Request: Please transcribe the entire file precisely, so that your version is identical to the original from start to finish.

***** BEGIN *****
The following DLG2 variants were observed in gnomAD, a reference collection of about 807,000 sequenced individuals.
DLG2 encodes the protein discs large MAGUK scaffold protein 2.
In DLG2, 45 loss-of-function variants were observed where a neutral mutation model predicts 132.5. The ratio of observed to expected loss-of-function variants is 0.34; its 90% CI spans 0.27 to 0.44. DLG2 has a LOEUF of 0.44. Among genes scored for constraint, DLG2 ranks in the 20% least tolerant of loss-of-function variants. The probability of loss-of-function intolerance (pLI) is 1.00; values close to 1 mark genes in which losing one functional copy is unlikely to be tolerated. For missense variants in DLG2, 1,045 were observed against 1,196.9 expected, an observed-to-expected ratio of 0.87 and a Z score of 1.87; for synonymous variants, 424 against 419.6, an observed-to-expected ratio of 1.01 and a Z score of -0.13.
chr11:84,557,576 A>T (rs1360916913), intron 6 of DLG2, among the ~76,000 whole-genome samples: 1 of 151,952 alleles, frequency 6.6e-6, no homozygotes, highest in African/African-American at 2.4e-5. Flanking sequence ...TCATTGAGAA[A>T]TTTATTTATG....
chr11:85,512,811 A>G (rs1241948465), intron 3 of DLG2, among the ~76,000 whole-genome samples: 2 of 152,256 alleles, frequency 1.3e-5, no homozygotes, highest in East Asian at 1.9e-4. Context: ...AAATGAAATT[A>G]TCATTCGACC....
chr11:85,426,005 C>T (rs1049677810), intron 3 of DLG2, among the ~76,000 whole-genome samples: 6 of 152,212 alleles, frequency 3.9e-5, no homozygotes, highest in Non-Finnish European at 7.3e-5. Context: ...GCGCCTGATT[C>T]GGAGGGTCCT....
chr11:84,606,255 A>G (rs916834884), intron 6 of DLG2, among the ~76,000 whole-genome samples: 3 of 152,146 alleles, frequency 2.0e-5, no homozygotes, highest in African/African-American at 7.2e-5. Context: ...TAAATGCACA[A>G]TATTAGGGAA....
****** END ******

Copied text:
The following DLG2 variants were observed in gnomAD, a reference collection of about 807,000 sequenced individuals.
DLG2 encodes the protein discs large MAGUK scaffold protein 2.
In DLG2, 45 loss-of-function variants were observed where a neutral mutation model predicts 132.5. The ratio of observed to expected loss-of-function variants is 0.34; its 90% CI spans 0.27 to 0.44. DLG2 has a LOEUF of 0.44. Among genes scored for constraint, DLG2 ranks in the 20% least tolerant of loss-of-function variants. The probability of loss-of-function intolerance (pLI) is 1.00; values close to 1 mark genes in which losing one functional copy is unlikely to be tolerated. For missense variants in DLG2, 1,045 were observed against 1,196.9 expected, an observed-to-expected ratio of 0.87 and a Z score of 1.87; for synonymous variants, 424 against 419.6, an observed-to-expected ratio of 1.01 and a Z score of -0.13.
chr11:84,557,576 A>T (rs1360916913), intron 6 of DLG2, among the ~76,000 whole-genome samples: 1 of 151,952 alleles, frequency 6.6e-6, no homozygotes, highest in African/African-American at 2.4e-5. Flanking sequence ...TCATTGAGAA[A>T]TTTATTTATG....
chr11:85,512,811 A>G (rs1241948465), intron 3 of DLG2, among the ~76,000 whole-genome samples: 2 of 152,256 alleles, frequency 1.3e-5, no homozygotes, highest in East Asian at 1.9e-4. Context: ...AAATGAAATT[A>G]TCATTCGACC....
chr11:85,426,005 C>T (rs1049677810), intron 3 of DLG2, among the ~76,000 whole-genome samples: 6 of 152,212 alleles, frequency 3.9e-5, no homozygotes, highest in Non-Finnish European at 7.3e-5. Context: ...GCGCCTGATT[C>T]GGAGGGTCCT....
chr11:84,606,255 A>G (rs916834884), intron 6 of DLG2, among the ~76,000 whole-genome samples: 3 of 152,146 alleles, frequency 2.0e-5, no homozygotes, highest in African/African-American at 7.2e-5. Context: ...TAAATGCACA[A>G]TATTAGGGAA....